“The Idol of Ohio”
- Full name: William McKinley
- Years in office: 1897–1901
- Political party: Republican
- Vice president: Garret A. Hobart (first term); Theodore Roosevelt (second term)
- Age at inauguration: 54
- Nicknames: “Idol of Ohio,” “Wobbly Willie,” “Napoleon of Protection”
- A pink carnation: McKinley always wore on pink carnation on his lapel. He would often give the carnation to friends.
Birth & Death
- Birthday: January 29, 1843
- Birthplace: Niles, Ohio
- Death: September 14, 1901
- Place of death: Buffalo, New York
- Place of burial: Canton, Ohio
- Last words: “Goodbye, all, goodbye. It is God’s way. His will be done.”
- Father: William McKinley (1807–1892)
- Mother: Nancy Allison McKinley (1809–1897)
- Wife: Ida Saxton (1847 – 1907)
- Marriage: January 25, 1871 in Ohio
- Kids: Two
- Katherine (1871–1875)
- Ida (1873–1873)
- Home: Market Avenue in Canton, Ohio
- McKinley’s Canton, Ohio home is no longer in existence. It was razed over the winter of 1934-35.
- Height: 5’7″
- Eye color: Blue-Gray
- Ancestry: Scotch-Irish and English
- Religion: Methodist
- Born in a log cabin: No
- Owned enslaved people: No
- Freemason: Yes
- Early education: Poland Academy
- College degree: No
- College: Allegheny College; Albany Law School
- Military Service: Yes
- Lawyer: Yes
- Lawyer (1853–)
- Soldier, Officer in Civil War (1861–1865)
- Major (1865)
- Member of Congress (1877–1891)
- Governor of Ohio (1892–1896)
- President (1897–1901)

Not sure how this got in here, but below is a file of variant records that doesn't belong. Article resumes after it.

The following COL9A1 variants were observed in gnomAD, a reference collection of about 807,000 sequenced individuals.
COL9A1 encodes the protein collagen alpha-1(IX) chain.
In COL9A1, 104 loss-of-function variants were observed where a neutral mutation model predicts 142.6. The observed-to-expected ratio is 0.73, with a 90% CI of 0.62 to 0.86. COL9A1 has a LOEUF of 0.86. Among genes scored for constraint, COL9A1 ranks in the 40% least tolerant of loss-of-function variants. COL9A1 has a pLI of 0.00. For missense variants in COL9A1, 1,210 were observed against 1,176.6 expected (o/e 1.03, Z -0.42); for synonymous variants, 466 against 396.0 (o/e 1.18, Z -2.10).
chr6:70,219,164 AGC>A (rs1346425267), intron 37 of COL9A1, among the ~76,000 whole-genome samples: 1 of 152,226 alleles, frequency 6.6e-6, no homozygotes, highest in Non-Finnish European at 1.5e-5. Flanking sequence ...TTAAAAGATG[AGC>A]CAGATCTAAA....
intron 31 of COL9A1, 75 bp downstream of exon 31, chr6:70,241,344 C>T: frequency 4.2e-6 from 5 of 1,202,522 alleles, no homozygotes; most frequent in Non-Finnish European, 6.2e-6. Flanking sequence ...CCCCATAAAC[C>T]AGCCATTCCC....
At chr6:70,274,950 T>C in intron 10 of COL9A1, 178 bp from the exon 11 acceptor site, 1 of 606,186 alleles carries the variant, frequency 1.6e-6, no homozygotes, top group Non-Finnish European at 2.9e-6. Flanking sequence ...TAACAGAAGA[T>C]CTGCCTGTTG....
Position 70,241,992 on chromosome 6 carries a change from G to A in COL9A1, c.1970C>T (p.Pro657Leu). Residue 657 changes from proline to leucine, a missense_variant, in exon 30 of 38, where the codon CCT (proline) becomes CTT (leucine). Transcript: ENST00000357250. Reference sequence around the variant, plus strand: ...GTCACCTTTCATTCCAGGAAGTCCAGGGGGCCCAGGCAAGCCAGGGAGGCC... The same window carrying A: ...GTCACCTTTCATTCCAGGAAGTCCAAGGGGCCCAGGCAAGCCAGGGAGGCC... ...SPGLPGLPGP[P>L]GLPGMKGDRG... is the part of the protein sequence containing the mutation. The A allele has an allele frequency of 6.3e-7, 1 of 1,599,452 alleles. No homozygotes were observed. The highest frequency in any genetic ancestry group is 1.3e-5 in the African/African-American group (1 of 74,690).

- The Tariff in the Days of Henry Clay and Since
With the economic Panic of 1893 fresh in everyone’s mind, the Democrats started this race a step behind. William McKinley, the Civil War officer and Governor of Ohio, faced William Jennings Bryan, the great orator.
The parties differed in their views on protective tariffs (the Republicans strongly supported them). The Republicans also supported a gold standard with the possibility of using silver as well. The Democrats supported bimetallism.
The Republican party invested roughly $4 million in the campaign, and it paid off. McKinley won a vast majority of the electoral votes.
William McKinley had a head start in this race as well. He was the victorious leader in the Spanish-American War, and the country was doing well economically.
In this rematch election, McKinley again won the vast majority of electoral votes over William Jennings Bryan.
Prosperity at Home, Prestige Abroad, lithograph by Northwestern Litho. Co., between 1895 and 1900
(Library of Congress)